News & Events

February 5, 2018

The New York University Law Review will begin considering Articles for the spring selection cycle on February 6, 2018. We accept submissions by Scholastica only. For more information on our selection requirements, please see our Submissions page. 


November 15, 2017

Panel One - A Historical and Comparative Look at Nominations Systems


  Benjamin Ginsberg, Partner, Jones Day

Paper Presenters:

  John Frederick Martin, Partner, Bancroft Private Equity 

  Richard Pildes, Sudler Family Professor of Constitutional Law, NYU School of Law


October 4, 2017

In the 2016 election, two independent political figures—Donald Trump and Bernie Sanders—rose to prominence on strong populist, anti-establishment, and, to some extent, anti-party profiles. One did so with no prior government experience. Yet, for long stretches of our history, these outcomes would have been inconceivable under our presidential primary system. The NYU Law Review’s symposium will examine whether and how to redesign one of the most important...

May 12, 2017

In a recent op-ed for the L.A. TImes, Executive Editor Getzy Berger ('17) discusses the merits of nationwide injunctions. Berger discusses how liberals criticized the sweeping nature of nationwide injunctions for halting President Obama's executive actions, and how liberals have flipped their arguments as nationwide injunctions halt President Trump's executive actions. Berger argues that it is a "bedrock principle of the federal judiciary that lower federal ccourts, meaning...

May 12, 2017

We are proud to publish our April 2017 book, which pays tribute to Chief Judge Judith Kaye of the New York Court of Appeals.

Judge Kaye was a trailblazer as the first female Chief Judge for New York and the longest-serving judge in New York history. Judge Kaye utilized her tenure to reform and modernize the New York courts, and to ensure indigent parties could achieve justice in court.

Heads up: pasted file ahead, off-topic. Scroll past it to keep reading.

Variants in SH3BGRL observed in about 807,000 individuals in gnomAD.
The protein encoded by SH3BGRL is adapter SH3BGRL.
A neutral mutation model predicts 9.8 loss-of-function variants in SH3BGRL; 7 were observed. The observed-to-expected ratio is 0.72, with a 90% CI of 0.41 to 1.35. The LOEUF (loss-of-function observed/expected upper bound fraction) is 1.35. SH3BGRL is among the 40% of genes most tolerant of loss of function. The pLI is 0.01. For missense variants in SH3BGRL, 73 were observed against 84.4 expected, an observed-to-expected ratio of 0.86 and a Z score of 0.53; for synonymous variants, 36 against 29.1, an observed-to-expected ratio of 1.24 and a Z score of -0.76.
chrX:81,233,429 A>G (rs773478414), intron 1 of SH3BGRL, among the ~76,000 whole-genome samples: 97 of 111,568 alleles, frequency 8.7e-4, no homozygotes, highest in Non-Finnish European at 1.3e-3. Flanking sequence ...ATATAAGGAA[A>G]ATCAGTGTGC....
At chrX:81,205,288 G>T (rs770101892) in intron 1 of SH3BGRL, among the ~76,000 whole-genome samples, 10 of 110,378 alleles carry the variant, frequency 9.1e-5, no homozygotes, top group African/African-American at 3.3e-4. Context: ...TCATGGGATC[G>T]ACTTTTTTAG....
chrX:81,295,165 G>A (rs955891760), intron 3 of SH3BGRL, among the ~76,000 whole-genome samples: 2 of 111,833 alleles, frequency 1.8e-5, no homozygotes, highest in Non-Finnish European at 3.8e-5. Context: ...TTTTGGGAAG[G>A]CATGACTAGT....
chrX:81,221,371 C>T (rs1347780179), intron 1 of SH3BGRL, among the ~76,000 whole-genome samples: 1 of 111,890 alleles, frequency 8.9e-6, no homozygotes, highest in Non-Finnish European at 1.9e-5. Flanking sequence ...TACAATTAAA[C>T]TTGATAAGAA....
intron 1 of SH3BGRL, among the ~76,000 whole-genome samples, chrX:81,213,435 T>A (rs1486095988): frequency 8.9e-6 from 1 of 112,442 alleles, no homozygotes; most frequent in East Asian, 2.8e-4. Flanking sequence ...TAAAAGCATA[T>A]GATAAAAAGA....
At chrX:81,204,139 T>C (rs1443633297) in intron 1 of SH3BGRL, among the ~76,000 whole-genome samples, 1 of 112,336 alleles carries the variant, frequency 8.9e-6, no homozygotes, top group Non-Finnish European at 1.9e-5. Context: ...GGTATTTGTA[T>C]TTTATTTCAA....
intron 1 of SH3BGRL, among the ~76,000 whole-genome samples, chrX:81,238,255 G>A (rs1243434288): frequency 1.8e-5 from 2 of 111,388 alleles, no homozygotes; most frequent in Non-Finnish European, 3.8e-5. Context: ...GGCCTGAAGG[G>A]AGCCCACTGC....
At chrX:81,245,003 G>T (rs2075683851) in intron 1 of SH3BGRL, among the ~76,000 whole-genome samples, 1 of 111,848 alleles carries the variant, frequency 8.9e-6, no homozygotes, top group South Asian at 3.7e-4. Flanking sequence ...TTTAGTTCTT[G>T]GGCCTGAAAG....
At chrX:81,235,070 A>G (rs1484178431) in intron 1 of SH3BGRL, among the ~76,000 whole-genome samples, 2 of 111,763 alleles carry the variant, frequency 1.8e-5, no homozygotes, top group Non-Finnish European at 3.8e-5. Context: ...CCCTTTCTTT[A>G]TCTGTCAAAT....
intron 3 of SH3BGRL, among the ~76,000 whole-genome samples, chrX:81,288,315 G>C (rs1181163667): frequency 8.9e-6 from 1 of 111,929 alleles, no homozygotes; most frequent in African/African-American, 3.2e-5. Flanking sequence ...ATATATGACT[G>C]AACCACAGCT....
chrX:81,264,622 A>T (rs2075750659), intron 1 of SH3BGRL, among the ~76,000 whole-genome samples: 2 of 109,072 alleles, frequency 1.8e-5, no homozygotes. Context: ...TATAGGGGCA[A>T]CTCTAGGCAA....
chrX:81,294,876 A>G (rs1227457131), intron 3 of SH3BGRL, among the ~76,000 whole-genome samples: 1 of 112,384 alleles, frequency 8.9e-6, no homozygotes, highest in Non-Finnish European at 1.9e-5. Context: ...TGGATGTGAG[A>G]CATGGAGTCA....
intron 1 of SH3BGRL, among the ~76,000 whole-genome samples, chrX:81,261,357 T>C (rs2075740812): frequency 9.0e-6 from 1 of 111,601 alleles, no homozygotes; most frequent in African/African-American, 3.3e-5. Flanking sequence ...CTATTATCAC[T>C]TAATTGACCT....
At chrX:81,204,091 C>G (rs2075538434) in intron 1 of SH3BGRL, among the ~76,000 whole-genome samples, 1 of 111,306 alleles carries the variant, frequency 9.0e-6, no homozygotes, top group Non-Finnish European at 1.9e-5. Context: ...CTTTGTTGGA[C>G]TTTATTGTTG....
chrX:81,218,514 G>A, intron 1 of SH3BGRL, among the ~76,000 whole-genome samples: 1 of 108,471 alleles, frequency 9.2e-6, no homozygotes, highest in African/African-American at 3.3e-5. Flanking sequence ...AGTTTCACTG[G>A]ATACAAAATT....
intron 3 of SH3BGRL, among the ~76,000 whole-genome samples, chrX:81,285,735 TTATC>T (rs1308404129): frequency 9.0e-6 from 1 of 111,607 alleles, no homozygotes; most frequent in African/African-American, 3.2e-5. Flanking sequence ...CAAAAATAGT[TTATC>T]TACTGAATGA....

April 5, 2017

In the wake of the 2016 election, a great deal of attention has been directed towards the processes by which we choose presidential nominees.  Two independent political figures—Donald Trump and Bernie Sanders—rose to prominence in the 2016 election, each choosing a party to serve as their vehicle for a presidential campaign. Each established a strong populist, anti-establishment, and to some extent, anti-party, profile, albeit offering very different policy perspectives:...

November 29, 2016

The N.Y.U. Law Review and the Center on Civil Justice at NYU School of Law invite you to attend “Rule 23 @ 50: The 50th Anniversary of Rule 23” Conference. The conference will take place on Friday and Saturday, December 2–3, 2016, in Vanderbilt Hall, Greenberg Lounge, located at 40 Washington Square South.

This is a wonderful time to reflect on Rule 23 – the history of the federal rule; its use in civil rights and mass tort cases;...

September 1, 2016

In a recent Scholastica blog entry, Online Editor Alice M. Phillips ('17) discusses the creation of the Merrick Garland Project. Read Phillips's entire post here.

January 29, 2016
In a recent Huffington Post Crime Blog entry, Staff Editor Getzy Berger ('17) examines challenges to implementing police body cameras in jurisdictions both large and small. Citing the need to balance cost with accountability, Berger argues, "What is needed is a set of careful, transparent, and democratically formulated rules governing bodycam recording, access, and use." 
Read Berger's entire post...